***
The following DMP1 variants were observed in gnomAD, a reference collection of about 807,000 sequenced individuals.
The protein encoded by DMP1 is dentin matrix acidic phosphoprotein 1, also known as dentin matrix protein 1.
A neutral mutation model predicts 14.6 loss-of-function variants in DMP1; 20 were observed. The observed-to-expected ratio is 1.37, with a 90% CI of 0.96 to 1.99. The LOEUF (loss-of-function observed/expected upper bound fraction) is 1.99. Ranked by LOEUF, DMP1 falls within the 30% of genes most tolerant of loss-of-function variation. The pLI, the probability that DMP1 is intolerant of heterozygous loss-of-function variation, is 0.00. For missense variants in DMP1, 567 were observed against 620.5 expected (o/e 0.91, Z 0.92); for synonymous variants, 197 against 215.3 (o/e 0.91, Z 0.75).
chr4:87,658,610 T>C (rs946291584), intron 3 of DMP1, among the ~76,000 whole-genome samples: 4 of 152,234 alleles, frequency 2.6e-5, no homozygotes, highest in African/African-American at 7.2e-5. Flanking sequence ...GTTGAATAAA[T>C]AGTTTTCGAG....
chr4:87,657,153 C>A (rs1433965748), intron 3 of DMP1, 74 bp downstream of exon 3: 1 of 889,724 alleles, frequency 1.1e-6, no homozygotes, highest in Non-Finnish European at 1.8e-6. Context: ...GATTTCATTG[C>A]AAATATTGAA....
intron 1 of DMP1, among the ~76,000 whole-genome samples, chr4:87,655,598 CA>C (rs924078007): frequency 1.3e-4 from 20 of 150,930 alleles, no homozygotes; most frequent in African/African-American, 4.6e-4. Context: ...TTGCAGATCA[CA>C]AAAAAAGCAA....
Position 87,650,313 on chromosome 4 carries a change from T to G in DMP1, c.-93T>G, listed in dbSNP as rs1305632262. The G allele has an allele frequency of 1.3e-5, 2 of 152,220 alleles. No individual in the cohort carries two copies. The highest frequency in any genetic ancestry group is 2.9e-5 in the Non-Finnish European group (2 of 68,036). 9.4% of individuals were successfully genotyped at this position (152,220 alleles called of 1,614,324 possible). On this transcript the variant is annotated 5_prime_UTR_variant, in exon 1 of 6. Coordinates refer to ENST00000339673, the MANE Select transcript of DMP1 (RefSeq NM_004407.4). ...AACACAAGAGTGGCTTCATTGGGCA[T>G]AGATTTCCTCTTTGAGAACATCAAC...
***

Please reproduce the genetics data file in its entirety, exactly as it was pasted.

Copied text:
The following DMP1 variants were observed in gnomAD, a reference collection of about 807,000 sequenced individuals.
The protein encoded by DMP1 is dentin matrix acidic phosphoprotein 1, also known as dentin matrix protein 1.
A neutral mutation model predicts 14.6 loss-of-function variants in DMP1; 20 were observed. The observed-to-expected ratio is 1.37, with a 90% CI of 0.96 to 1.99. The LOEUF (loss-of-function observed/expected upper bound fraction) is 1.99. Ranked by LOEUF, DMP1 falls within the 30% of genes most tolerant of loss-of-function variation. The pLI, the probability that DMP1 is intolerant of heterozygous loss-of-function variation, is 0.00. For missense variants in DMP1, 567 were observed against 620.5 expected (o/e 0.91, Z 0.92); for synonymous variants, 197 against 215.3 (o/e 0.91, Z 0.75).
chr4:87,658,610 T>C (rs946291584), intron 3 of DMP1, among the ~76,000 whole-genome samples: 4 of 152,234 alleles, frequency 2.6e-5, no homozygotes, highest in African/African-American at 7.2e-5. Flanking sequence ...GTTGAATAAA[T>C]AGTTTTCGAG....
chr4:87,657,153 C>A (rs1433965748), intron 3 of DMP1, 74 bp downstream of exon 3: 1 of 889,724 alleles, frequency 1.1e-6, no homozygotes, highest in Non-Finnish European at 1.8e-6. Context: ...GATTTCATTG[C>A]AAATATTGAA....
intron 1 of DMP1, among the ~76,000 whole-genome samples, chr4:87,655,598 CA>C (rs924078007): frequency 1.3e-4 from 20 of 150,930 alleles, no homozygotes; most frequent in African/African-American, 4.6e-4. Context: ...TTGCAGATCA[CA>C]AAAAAAGCAA....
Position 87,650,313 on chromosome 4 carries a change from T to G in DMP1, c.-93T>G, listed in dbSNP as rs1305632262. The G allele has an allele frequency of 1.3e-5, 2 of 152,220 alleles. No individual in the cohort carries two copies. The highest frequency in any genetic ancestry group is 2.9e-5 in the Non-Finnish European group (2 of 68,036). 9.4% of individuals were successfully genotyped at this position (152,220 alleles called of 1,614,324 possible). On this transcript the variant is annotated 5_prime_UTR_variant, in exon 1 of 6. Coordinates refer to ENST00000339673, the MANE Select transcript of DMP1 (RefSeq NM_004407.4). ...AACACAAGAGTGGCTTCATTGGGCA[T>G]AGATTTCCTCTTTGAGAACATCAAC...